Beef Central publishes an occasional summary of appointments, departures and achievements occurring across the red meat and livestock supply chain. Send details for entries to [email protected]
Australian Meat Processor Corporation chief executive officer Peter Rizzo left the processing industry body suddenly last month.
Mr Rizzo joined AMPC as the body’s CEO in early 2017, after former AMPC chair Peter Noble had been in a custodial role as acting CEO for an extended period.
AMPC is the Rural Research and Development Corporation that supports the red meat processing industry, with a mandate to provide research, development and extension services that improve the sustainability and efficiency of the sector.
AMPC has experienced a degree of churn in the recent past, with five chief executives serving in the role in the past six years. Chief financial officer Chris Taylor will serve as acting CEO in the interim, until AMPC makes an appointment.
Pat Gleeson, general manager of NH Foods’ Oakey Beef Exports in Queensland, has joined the Red Meat Advisory Council board.
He replaces Dean Goode from Queensland grainfed processor, Kilcoy Global Foods, who steps down due to work commitments.
Mr Gleeson is also a director of the Australian Meat Processor Corporation, and has been a vigorous advocate through the Australian Meat Industry Council for trade reform and in recent years. He has spearheaded an expansion of the Oakey Beef processing plant on the Darling Downs over the past ten years.
Andrew McDonald, marketing and sales manager for beef processor NH Foods, has been endorsed as the new chair of the industry’s EU/UK Taskforce. Mr McDonald takes on the role following former taskforce chair Jason Strong’s appointment as MLA managing director earlier this year.
Mr McDonald oversees meat sales generated through NH Foods Wingham Beef Exports plant in NSW, and Borthwicks and Oakey Beef Exports plants in Queensland. He has commercial experience in the EU and UK markets and a strong understanding of the EU import construct.
While recent events such as the US securing a majority country-specific share of the High Quality Grainfed quota were disappointing, Mr McDonald said the Taskforce and the Australian Government remained united in their commitment to secure long-term access for industry’s future trade with Europe. The Australian negotiating team was in Brussels late last month, engaged in the fourth round of A-EU FTA negotiations.
“The HQB-GF outcome is a prime example of this partnership, with the Taskforce working alongside Government and successfully advocating an extended phase-in period for changes to the HQB-GF quota,” Mr McDonald said.
Australian Livestock & Property Agents Association chief executive officer Andy Madigan will retire later this year, after 15 years in the role.
“This has been a big decision to make and for me personally, I believe the time is right to retire and step aside so ALPA can have a new person at the helm,” Mr Madigan said.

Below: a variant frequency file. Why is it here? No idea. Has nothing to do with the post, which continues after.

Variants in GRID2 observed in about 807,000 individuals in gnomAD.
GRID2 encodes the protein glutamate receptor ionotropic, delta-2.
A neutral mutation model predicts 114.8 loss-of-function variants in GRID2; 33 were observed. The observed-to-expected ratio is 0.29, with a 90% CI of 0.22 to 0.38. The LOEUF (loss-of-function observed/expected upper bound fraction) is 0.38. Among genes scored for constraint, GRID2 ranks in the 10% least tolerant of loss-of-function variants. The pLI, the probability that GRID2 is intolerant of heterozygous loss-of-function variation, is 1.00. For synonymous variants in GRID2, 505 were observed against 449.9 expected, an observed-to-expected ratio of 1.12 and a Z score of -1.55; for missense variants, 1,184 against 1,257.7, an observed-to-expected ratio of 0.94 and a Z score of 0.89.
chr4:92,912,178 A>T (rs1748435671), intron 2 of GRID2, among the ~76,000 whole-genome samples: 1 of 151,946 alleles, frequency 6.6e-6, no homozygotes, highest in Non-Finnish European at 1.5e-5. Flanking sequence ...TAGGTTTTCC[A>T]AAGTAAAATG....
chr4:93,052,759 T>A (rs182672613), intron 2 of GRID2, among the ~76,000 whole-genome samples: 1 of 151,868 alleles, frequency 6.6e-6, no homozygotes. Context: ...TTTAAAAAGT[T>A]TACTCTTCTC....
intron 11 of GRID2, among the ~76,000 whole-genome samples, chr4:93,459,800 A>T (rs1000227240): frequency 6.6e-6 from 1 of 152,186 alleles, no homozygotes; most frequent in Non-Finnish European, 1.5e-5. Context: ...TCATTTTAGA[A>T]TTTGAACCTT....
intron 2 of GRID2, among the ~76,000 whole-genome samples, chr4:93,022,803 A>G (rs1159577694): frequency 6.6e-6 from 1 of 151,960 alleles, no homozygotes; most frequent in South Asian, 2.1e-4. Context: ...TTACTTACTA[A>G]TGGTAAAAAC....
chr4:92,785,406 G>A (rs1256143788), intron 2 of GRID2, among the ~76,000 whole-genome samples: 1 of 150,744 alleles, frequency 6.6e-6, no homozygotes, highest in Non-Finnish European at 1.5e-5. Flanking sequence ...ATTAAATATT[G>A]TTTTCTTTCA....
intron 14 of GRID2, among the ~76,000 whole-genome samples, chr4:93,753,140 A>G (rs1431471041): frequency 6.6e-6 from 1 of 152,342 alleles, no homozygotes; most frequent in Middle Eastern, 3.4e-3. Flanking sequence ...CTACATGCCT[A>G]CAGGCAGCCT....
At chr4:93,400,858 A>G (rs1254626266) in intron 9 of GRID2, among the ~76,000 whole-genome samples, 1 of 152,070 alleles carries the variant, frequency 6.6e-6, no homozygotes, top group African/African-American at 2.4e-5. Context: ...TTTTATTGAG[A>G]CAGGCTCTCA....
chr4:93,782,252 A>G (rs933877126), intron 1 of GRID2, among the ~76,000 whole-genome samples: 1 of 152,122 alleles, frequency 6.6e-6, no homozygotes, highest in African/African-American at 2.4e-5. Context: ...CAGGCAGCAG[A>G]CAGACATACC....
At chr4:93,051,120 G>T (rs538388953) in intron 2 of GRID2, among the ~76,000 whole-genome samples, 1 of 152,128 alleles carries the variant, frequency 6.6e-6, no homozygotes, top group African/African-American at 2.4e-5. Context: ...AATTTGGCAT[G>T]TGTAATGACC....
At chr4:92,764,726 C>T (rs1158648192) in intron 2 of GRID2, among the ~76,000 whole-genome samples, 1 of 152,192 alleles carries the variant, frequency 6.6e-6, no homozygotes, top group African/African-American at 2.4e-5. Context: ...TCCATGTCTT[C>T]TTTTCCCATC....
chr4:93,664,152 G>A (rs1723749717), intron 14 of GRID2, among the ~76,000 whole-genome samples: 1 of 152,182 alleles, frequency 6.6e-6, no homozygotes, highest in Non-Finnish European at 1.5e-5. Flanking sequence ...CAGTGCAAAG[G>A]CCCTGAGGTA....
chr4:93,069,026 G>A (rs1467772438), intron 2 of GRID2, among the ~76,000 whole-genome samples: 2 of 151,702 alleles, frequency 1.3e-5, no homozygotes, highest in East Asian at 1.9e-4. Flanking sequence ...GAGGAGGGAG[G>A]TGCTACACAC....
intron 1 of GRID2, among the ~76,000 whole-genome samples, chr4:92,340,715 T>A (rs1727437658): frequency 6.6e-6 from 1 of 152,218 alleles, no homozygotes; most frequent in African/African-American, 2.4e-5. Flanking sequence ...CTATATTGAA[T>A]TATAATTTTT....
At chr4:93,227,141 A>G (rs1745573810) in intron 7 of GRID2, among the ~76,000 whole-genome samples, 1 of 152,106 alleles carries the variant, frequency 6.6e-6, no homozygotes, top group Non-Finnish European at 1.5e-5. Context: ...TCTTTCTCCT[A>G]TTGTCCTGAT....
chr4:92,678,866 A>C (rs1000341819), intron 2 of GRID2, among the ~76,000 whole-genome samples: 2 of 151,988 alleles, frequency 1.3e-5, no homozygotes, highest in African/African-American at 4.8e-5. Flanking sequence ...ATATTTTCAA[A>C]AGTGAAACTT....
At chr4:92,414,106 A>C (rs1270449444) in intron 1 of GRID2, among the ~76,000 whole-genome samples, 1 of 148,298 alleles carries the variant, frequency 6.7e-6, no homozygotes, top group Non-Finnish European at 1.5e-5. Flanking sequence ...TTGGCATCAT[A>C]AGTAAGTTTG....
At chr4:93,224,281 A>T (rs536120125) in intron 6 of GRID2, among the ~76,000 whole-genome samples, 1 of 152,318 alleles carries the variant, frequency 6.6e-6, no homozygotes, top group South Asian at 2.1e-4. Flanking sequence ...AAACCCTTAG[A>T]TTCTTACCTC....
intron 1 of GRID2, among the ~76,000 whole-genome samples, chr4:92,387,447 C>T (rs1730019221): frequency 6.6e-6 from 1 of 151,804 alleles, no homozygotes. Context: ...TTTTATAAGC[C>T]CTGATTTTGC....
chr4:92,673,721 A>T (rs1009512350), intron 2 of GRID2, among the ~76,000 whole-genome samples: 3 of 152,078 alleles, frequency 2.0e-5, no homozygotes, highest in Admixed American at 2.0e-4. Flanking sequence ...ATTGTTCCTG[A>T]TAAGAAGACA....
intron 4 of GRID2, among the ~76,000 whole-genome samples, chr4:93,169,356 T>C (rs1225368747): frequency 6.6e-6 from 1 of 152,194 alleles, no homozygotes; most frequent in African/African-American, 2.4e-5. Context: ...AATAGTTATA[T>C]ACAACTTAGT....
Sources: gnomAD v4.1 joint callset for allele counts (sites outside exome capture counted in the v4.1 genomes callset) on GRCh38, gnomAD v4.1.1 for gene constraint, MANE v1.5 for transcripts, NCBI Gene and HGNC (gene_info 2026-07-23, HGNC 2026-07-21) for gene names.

“The recent strategic plan has set ALPA up for the future and in my opinion this needs a fresh set of eyes to oversee these changes for the benefit of all going forward.”
ALPA president Warren Johnston said he had reluctantly accepted Mr Madigan’s resignation, saying that ALPA had grown significantly under his guidance, gaining respect across industry and governments as the peak industry body.
Mr Madigan will retire at the end of October after the ALPA AGM. ALPA will start a leadership recruitment process in coming weeks.
Well-known agtech executive Lewis Frost will take up the newly created role of vice president of operations with animal ID and traceability company Ceres Tag, in late July.
Mr Frost has most recently been the director of livestock monitoring for the Asia Pacific region with Allflex. Prior to that he held a number of prominent positions in Thermo Fisher Scientific, Life Technologies, Pfizer Animal Genetics and one of the earliest agtech start-ups, Genetic Solutions.
“I am excited to be joining Ceres Tag. We are going to democratise data for farmers the world over with the next generation of on-animal technology and systems. Access to these solutions shouldn’t be reserved for the rich and famous,” he told Beef Central.
Ceres Tag recently completed its 100-animal trials in North Queensland and is in current testing and verification of the next generation of technology direct to satellite, due to be deployed towards the end of this year on 500 animals, to demonstrate scalability of the platform.
“Leaders in the industry, like Lewis, are what sets Ceres Tag apart, we are excited to have him join the team in a leadership role and continue to build our producer-focused next generation monitoring, welfare and traceability solution,” said Ceres Tag CEO David Smith.
More on Ceres Tag’s R&D progress in a separate upcoming agtech story.
In earlier company changes this year, Pat Gunston, Allflex Australia’s business manager retired after 16 years with the firm, and 30 years in the broader meat and livestock technology industry. During his time with Allflex, Mr Gunston served as technical manager, commercial manager and global product development lead.